I often find myself back in that house on Westfield Avenue in a dream and, upon awakening, find myself filled with equal parts joy and pain since those days are gone and so is my grandfather and so is that house. Upon the death of my great grandfather, his will stated that the house must be sold and my grandparents moved out into Camelot apartments only a block away from my house in Marlton. That was 1978 and by January 1981 my grandfather was also gone; done in by the booze he consumed his entire adult life. The legend goes that that huge house on Westfield Avenue was split up into separate dwellings and eventually became a house of ill repute. Sometime in the 1990's, it was demolished entirely and now only exists in my dreams. The beautiful Walt Whitman theatre was demolished sometime in the early 1980's and the Pennsauken Mart, as mentioned before, was torn day a couple years ago. If you wait long enough, everything is torn down eventually. But I am so grateful that I can still get to visit that house as it used to be when the simple days of childhood cast that rosy glow over everything and made you believe that they were the good old days even when you were living through them. I can truly say that at that time I was almost always completely happy. That's a valuable thing to carry with you throughout your life.

12 comments:

Star said...

Cerpts, I say without question that this is your most beautiful post ever. I love how it captured me and took me along with you through your memories. Your writing is vivid and engulfing. Absolute perfection, sir.

Cheekies said...

uh... all I can add is ditto as I wipe at the tears that are trying to well up in my eyes.

Weaverman said...

I have to agree with the previous comments...that was beautiful! You always tell me to put my stories in a book but I say let's hear it for a Cerpts magnus opus. As an avid collector of my own families stories and lives I think such preservation of memory is vitally important.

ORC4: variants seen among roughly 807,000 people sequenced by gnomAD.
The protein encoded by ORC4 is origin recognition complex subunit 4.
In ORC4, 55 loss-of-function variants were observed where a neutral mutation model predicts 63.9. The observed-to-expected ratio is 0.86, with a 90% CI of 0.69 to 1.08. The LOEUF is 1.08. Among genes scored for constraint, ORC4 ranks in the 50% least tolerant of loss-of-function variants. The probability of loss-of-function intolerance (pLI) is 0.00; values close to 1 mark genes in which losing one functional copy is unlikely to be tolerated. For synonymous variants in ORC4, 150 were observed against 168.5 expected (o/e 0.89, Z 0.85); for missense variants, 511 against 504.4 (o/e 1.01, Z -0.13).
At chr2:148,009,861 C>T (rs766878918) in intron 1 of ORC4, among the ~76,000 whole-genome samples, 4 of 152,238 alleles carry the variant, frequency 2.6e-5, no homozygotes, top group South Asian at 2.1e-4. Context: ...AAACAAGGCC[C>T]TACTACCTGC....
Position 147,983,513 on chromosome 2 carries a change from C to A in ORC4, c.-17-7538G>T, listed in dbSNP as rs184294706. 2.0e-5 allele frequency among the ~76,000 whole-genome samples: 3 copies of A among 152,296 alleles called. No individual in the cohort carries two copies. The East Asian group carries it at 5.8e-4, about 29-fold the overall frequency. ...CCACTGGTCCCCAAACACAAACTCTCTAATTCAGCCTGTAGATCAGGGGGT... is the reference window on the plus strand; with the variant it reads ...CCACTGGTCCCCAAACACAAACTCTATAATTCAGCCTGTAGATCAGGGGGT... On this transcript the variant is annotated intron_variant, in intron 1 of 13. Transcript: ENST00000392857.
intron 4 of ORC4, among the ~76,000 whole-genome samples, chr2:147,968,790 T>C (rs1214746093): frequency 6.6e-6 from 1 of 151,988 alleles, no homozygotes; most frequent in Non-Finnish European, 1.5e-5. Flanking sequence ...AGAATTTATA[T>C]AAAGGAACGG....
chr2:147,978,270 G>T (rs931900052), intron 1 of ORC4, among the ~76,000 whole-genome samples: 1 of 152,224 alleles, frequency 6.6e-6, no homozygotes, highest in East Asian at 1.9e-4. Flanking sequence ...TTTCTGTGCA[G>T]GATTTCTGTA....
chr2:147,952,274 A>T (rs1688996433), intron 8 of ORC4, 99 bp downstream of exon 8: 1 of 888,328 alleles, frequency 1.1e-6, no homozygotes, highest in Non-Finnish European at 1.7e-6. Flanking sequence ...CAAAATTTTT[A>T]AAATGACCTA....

Star said...

that weaverman fella is so right on; a book is simply a fabulous idea. cerpts, baby, give it some serious thought.

Cerpts said...

You all are TOO kind, really. Such a group of lovely, shiny, fluffy, sparkly people there never wuz. Your checks are in the mail.

I'm very glad the feeling I was trying to express seems to have come across to all of you. That old house of my grandparents probably meant more to me than my OWN house in which I grew up.

In.

Cerpts said...

By the way, I just LOOOOOOOVE that magazine cover with Dave Schultz on it! Ahhhhh, the days of the Broad Street Bullies....

Faere said...

Memories of youth are so powerful... thanks for taking me there!!!

Cerpts said...

Spoken like a true local goil!!! Glad you liked it.

Pax Romano said...

Incredible! Fantastic! Absolutely loved this - ah The Pennsuaken mart,one of the few places I ever cared to shop...and the Walt Whitman theater (gone but never forgotten). Now I see what has shaped you into the demented, err, creative gentleman you are.

As for Dave Schultz, "Baby how long, will you keep me in the penalty box? Baby, how long, you know it's lonely in the Penalty box..." They don't write 'em like that at all.

Cerpts said...

I always knew you must've studied at Juilliard -- knowing the lyrics to "THE PENALTY BOX"! I'm really glad you enjoyed the post. Thank you for the kind words. Of course, this is the kinda thing one needs a blog to do and cannot do when slumming around facebook, you know. ;)

Paul J. Marasa said...

Wandered over to this post while looking for an image of the old Whitman. Holy smoke, Cerpts. You seemed to have had my childhood. I too saw Moe at the Whitman. And the images! I'm going back to your post to savor. Great site, and thanks for bringing a transplanted Garden Stater home.

Cerpts said...

Paul, I have only just this moment stumbled across your comment (I really should have this blog set up to email me when a new comment is left!). I have no idea when you left this comment but thank you very much. It's nice to know a fellow blogger was also there at the Walt Whitman to see Moe Howard when I did.